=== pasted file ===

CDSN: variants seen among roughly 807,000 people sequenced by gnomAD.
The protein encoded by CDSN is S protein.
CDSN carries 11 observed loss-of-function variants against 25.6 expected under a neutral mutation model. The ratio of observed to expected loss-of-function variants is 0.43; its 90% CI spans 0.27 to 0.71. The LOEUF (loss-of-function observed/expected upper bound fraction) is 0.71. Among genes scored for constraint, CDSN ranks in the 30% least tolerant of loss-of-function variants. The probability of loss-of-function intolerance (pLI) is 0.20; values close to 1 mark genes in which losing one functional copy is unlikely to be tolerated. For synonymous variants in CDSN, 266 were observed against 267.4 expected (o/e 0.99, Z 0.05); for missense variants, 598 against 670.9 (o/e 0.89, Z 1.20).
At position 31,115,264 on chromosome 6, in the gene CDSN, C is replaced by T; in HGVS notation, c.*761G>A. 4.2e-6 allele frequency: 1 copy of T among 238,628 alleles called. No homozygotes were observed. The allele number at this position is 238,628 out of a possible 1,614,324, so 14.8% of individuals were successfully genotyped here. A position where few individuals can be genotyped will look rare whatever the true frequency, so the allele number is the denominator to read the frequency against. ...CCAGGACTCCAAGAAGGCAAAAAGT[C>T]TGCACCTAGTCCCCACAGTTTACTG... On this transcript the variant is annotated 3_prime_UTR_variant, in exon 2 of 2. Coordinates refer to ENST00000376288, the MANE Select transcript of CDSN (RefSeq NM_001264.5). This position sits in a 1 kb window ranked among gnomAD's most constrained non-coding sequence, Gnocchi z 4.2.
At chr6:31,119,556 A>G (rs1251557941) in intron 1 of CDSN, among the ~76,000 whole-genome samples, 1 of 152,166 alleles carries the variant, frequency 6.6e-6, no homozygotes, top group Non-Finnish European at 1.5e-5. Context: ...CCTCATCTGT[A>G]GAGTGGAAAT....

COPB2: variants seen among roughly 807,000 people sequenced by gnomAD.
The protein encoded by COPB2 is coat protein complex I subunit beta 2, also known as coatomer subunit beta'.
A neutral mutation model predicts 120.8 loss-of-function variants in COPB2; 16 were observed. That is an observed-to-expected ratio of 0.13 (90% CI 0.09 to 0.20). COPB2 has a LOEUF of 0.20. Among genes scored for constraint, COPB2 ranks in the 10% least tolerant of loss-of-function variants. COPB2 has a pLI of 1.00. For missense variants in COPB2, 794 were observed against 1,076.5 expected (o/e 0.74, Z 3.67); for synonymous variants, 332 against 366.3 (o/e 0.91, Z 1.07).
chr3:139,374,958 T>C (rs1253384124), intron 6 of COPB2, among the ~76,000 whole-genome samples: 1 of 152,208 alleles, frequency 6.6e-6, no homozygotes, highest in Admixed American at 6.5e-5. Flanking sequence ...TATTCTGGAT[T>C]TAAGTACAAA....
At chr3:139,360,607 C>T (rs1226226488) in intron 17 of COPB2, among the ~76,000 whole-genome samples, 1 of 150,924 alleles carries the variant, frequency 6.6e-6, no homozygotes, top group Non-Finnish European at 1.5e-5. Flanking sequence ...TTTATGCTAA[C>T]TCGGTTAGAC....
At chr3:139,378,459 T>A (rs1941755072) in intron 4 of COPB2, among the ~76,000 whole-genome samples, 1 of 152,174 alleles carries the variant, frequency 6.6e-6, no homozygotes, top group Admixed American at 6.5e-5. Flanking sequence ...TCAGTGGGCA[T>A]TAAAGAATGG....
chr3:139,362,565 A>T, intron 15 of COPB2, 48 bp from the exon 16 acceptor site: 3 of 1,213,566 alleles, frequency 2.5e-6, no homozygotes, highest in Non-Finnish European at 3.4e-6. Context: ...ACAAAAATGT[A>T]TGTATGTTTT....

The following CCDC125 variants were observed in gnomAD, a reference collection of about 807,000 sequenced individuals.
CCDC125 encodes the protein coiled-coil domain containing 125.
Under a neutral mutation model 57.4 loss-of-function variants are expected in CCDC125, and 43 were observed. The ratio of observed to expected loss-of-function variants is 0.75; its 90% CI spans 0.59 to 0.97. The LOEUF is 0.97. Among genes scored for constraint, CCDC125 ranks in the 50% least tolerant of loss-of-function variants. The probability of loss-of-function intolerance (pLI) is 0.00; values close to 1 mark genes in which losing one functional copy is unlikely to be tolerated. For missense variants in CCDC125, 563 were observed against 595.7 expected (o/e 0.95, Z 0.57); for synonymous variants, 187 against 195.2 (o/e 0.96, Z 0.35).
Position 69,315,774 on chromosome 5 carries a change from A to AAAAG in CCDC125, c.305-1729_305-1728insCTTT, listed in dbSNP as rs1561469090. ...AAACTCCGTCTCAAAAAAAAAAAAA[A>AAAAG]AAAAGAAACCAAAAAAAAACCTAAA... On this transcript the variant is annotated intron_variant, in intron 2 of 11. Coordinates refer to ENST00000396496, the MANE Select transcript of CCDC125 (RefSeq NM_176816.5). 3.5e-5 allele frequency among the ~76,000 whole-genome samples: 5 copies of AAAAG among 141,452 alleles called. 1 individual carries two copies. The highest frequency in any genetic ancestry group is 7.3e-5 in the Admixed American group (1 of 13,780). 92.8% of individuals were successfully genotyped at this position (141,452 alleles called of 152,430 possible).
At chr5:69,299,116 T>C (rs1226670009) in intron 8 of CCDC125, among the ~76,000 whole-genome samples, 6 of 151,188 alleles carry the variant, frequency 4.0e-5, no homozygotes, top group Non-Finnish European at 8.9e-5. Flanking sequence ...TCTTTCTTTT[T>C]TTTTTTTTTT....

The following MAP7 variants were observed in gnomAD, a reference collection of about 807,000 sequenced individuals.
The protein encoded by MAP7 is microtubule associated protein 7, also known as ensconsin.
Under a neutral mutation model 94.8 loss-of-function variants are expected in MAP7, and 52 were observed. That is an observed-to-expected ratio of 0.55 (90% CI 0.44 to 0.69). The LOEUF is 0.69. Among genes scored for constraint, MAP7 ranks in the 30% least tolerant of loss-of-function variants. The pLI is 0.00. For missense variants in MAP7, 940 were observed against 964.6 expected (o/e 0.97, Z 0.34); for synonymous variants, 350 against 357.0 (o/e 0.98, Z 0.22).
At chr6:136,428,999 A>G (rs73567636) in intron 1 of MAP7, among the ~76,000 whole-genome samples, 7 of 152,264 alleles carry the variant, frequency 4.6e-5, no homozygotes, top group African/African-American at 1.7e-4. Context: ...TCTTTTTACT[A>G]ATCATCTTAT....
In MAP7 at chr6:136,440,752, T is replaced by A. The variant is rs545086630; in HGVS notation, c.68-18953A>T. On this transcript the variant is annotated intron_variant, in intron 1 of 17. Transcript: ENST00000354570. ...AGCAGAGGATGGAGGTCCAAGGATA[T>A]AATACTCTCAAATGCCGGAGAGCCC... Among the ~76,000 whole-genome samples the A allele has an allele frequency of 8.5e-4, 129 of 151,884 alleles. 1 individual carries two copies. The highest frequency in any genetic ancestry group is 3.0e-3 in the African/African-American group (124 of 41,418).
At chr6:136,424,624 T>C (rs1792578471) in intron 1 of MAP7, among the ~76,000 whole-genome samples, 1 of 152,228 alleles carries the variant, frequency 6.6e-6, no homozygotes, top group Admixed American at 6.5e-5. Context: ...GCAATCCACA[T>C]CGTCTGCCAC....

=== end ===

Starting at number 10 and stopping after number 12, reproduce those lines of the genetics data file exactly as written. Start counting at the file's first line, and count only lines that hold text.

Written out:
At chr3:139,360,607 C>T (rs1226226488) in intron 17 of COPB2, among the ~76,000 whole-genome samples, 1 of 150,924 alleles carries the variant, frequency 6.6e-6, no homozygotes, top group Non-Finnish European at 1.5e-5. Flanking sequence ...TTTATGCTAA[C>T]TCGGTTAGAC....
At chr3:139,378,459 T>A (rs1941755072) in intron 4 of COPB2, among the ~76,000 whole-genome samples, 1 of 152,174 alleles carries the variant, frequency 6.6e-6, no homozygotes, top group Admixed American at 6.5e-5. Flanking sequence ...TCAGTGGGCA[T>A]TAAAGAATGG....
chr3:139,362,565 A>T, intron 15 of COPB2, 48 bp from the exon 16 acceptor site: 3 of 1,213,566 alleles, frequency 2.5e-6, no homozygotes, highest in Non-Finnish European at 3.4e-6. Context: ...ACAAAAATGT[A>T]TGTATGTTTT....